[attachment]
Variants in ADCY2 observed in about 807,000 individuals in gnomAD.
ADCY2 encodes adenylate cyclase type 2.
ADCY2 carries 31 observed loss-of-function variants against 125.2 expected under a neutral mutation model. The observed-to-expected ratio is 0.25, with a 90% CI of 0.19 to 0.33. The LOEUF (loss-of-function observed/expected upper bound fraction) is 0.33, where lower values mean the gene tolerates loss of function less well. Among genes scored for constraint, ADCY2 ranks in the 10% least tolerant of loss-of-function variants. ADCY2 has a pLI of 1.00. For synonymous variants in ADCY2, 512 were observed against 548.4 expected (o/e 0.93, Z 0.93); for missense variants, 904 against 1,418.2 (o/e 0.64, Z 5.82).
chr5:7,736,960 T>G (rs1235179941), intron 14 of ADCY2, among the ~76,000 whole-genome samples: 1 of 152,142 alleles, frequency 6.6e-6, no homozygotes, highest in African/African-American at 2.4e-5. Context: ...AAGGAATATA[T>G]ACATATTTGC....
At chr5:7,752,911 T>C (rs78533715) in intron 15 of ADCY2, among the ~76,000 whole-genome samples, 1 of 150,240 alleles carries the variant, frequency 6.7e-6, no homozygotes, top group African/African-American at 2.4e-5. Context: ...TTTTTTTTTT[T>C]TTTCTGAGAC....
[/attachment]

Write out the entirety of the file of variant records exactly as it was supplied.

Variants in ADCY2 observed in about 807,000 individuals in gnomAD.
ADCY2 encodes adenylate cyclase type 2.
ADCY2 carries 31 observed loss-of-function variants against 125.2 expected under a neutral mutation model. The observed-to-expected ratio is 0.25, with a 90% CI of 0.19 to 0.33. The LOEUF (loss-of-function observed/expected upper bound fraction) is 0.33, where lower values mean the gene tolerates loss of function less well. Among genes scored for constraint, ADCY2 ranks in the 10% least tolerant of loss-of-function variants. ADCY2 has a pLI of 1.00. For synonymous variants in ADCY2, 512 were observed against 548.4 expected (o/e 0.93, Z 0.93); for missense variants, 904 against 1,418.2 (o/e 0.64, Z 5.82).
chr5:7,736,960 T>G (rs1235179941), intron 14 of ADCY2, among the ~76,000 whole-genome samples: 1 of 152,142 alleles, frequency 6.6e-6, no homozygotes, highest in African/African-American at 2.4e-5. Context: ...AAGGAATATA[T>G]ACATATTTGC....
At chr5:7,752,911 T>C (rs78533715) in intron 15 of ADCY2, among the ~76,000 whole-genome samples, 1 of 150,240 alleles carries the variant, frequency 6.7e-6, no homozygotes, top group African/African-American at 2.4e-5. Context: ...TTTTTTTTTT[T>C]TTTCTGAGAC....